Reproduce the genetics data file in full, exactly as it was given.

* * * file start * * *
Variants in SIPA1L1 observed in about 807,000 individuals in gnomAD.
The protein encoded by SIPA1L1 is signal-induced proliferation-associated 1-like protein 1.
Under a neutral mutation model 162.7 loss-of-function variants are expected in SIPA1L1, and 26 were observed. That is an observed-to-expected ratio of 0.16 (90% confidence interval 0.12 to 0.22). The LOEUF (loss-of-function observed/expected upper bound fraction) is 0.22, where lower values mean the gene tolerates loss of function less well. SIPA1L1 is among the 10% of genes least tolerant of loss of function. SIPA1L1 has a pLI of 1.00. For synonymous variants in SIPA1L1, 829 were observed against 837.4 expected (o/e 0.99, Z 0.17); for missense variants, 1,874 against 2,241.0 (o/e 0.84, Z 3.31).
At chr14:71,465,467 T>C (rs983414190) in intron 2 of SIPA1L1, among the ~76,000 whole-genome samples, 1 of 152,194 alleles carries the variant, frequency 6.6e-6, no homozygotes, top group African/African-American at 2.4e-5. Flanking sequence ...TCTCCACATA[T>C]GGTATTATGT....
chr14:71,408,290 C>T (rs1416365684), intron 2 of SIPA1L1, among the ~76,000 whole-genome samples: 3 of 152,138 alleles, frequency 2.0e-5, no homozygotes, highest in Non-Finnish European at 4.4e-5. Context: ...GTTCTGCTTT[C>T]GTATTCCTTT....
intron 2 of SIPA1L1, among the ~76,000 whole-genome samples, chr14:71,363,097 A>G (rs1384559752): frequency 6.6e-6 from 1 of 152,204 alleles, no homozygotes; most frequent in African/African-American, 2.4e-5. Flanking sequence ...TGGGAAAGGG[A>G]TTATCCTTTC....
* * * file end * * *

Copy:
Variants in SIPA1L1 observed in about 807,000 individuals in gnomAD.
The protein encoded by SIPA1L1 is signal-induced proliferation-associated 1-like protein 1.
Under a neutral mutation model 162.7 loss-of-function variants are expected in SIPA1L1, and 26 were observed. That is an observed-to-expected ratio of 0.16 (90% confidence interval 0.12 to 0.22). The LOEUF (loss-of-function observed/expected upper bound fraction) is 0.22, where lower values mean the gene tolerates loss of function less well. SIPA1L1 is among the 10% of genes least tolerant of loss of function. SIPA1L1 has a pLI of 1.00. For synonymous variants in SIPA1L1, 829 were observed against 837.4 expected (o/e 0.99, Z 0.17); for missense variants, 1,874 against 2,241.0 (o/e 0.84, Z 3.31).
At chr14:71,465,467 T>C (rs983414190) in intron 2 of SIPA1L1, among the ~76,000 whole-genome samples, 1 of 152,194 alleles carries the variant, frequency 6.6e-6, no homozygotes, top group African/African-American at 2.4e-5. Flanking sequence ...TCTCCACATA[T>C]GGTATTATGT....
chr14:71,408,290 C>T (rs1416365684), intron 2 of SIPA1L1, among the ~76,000 whole-genome samples: 3 of 152,138 alleles, frequency 2.0e-5, no homozygotes, highest in Non-Finnish European at 4.4e-5. Context: ...GTTCTGCTTT[C>T]GTATTCCTTT....
intron 2 of SIPA1L1, among the ~76,000 whole-genome samples, chr14:71,363,097 A>G (rs1384559752): frequency 6.6e-6 from 1 of 152,204 alleles, no homozygotes; most frequent in African/African-American, 2.4e-5. Flanking sequence ...TGGGAAAGGG[A>G]TTATCCTTTC....